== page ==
By Dan Campana
The July 1993 sports card magazine found in the garage felt like a time machine in my hands. Flipping through page after page of stories and color photos from the hobby’s glory days would make almost any collector sentimental for those simpler, if not overproduced, days.
Then, the shock set in. Twenty-four pages of show listings.
Illinois boasted 138, the majority of which were held in Chicago and its suburbs. One glorious Sunday had 25 shows, some of them blocks away from each other. Incredibly, guys ran shows every night of week.
Fast forward to July 2010 and you’ll be lucky to find three pages of show listings to cover the United States and Canada. The 14 events for Illinois represent a rotation of shows run by a handful of promoters.
What’s happened over 17 years is no mystery, but the demise of shows has been largely overshadowed by the disappearance of local card shops.
Neither is a good thing, and the reasons for both appear to be nearly identical – time and money investments, as well as online sales.
It’s time for a revival, one that requires a surrendering of old-school standards. Here are five ways to make shows relevant again:
1. Taking The Shop On The Road
Most store owners don’t leave their home base for a day-long or weekend show because the costs don’t make sense. Fair enough. It’s time for that notion to become the exception, not the rule.
Carve a few bucks from your monthly budget to do it at least one show a year. The exposure does mean something, and it will challenge you to get out from behind the safety of your store counter.
The hobby is at its greatest when we are meeting people and talking cards. Putting your face to your store name will resonate with collectors of all levels. If you do it right, you’ll see some of those people in the store down the road.
2. Don’t Act Like You’ve Been There Before
Visit a local show on consecutive weeks or months and look around. Do it again in six months, and if things look the same it’s because they probably are.
Guys grab the same table positions, arrange the table the same way and, usually, fill the display with the same merchandise from previous shows.
This disappointing phenomenon stretched to the hobby’s Super Bowl in Baltimore this summer, where even longtime enthusiasts described a familiar scene of monotony and mundane.
It’s hard to argue with routine, but most collectors eventually recognize your pattern. When they do, it means less or no time at your table.
Switch things up, leave the box of common 2002 Topps at home and, for the love of The Mick, don’t ever answer “Nothing, really” when a collector asks “What’s new?”
3. Look At The Calendar Not The Clock
The FansEdge show in Chicago had the unfortunate timing of landing just a few weeks before the National in Baltimore. It kept some larger dealers from making the trip, which should have opened the door for some others to capture the crowd’s attention.
Instead, some dealers opted to check out of the three-day event four hours before closing time on Sunday. Beating traffic appeared to have more value than potential sales to customers paying $10 a ticket to attend, especially with many autograph seekers milling around for hours while they waited for signings to start.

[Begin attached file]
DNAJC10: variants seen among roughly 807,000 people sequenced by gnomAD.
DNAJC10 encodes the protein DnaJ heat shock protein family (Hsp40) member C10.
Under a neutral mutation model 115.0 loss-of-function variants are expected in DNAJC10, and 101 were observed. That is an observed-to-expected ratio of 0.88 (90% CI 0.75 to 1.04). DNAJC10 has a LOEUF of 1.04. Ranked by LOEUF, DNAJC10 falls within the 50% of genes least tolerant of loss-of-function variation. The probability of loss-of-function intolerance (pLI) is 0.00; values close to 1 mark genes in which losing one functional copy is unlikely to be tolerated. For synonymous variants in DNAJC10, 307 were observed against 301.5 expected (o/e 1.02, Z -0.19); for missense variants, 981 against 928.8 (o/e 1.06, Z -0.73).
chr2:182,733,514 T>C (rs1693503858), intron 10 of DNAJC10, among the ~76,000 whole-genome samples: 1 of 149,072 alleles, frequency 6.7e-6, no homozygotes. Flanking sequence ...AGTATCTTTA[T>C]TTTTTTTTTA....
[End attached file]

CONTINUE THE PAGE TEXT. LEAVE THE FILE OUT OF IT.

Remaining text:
Instead of watching the clock, check the calendar to see what might be a relevant theme or item to sell. FansEdge hit the Chicago area some six weeks after the Chicago Blackhawks won their first Stanley Cup in 49 years, yet the general look of the show floor would make you think hockey was still dead around those parts.
No one took full advantage of the biggest sports story in Chicago. A five-year-old shouldn’t have struggled to find a way to spend $10 on Hawks cards.
Be relevant and now where you’re selling and load up, instead of counting the minutes until packing up.
4. Don’t Just Sit There
Now that you’ve been convinced to stick around, make the most of your time.
Engage customers based on what you see them doing. If a guy in a Washington Nationals jersey is lingering near the 2010 Bowman singles, you can probably strike up a conversation about the Stephen Strasburg hobby revolution – or fade, depending on his shoulder.
Remember, your table is the “store” at a show. Would you ignore someone who walks in the door?
And, when it comes to kids, remember their impressions today will go a long way toward whether they grow up collectors. Show them it’s OK to ask questions and remind them the hobby, at one time, was based on fun.
5. Oh Yeah, Have Some Fun
Just as no one will argue about the chances 1991 Fleer Baseball will ever increase in value, few people will dispute the hobby’s bottom line is dollars and cents.
That’s not to say money precludes anything else from motivating or creating a successful show. Without being hokey, sellers at a show are all there because, at some time in their life, cards were fun and had an intrinsic value beyond book.
We can go back-and-forth about hobby finances all day. Instead, let’s focus on simplicity. Plan your margins and show goals before you get there, and then revisit them after the show ends.
In between, you know, during the show, channel your hobby roots. Look at the awesomeness of a Wayne Gretzky-Mario Lemieux dual auto for the hockey history it represents, not the price tag. Chances are good the person across the display case from you is thinking that way.
This story originally appeared in Tuff Stuff and is re-printed with permission.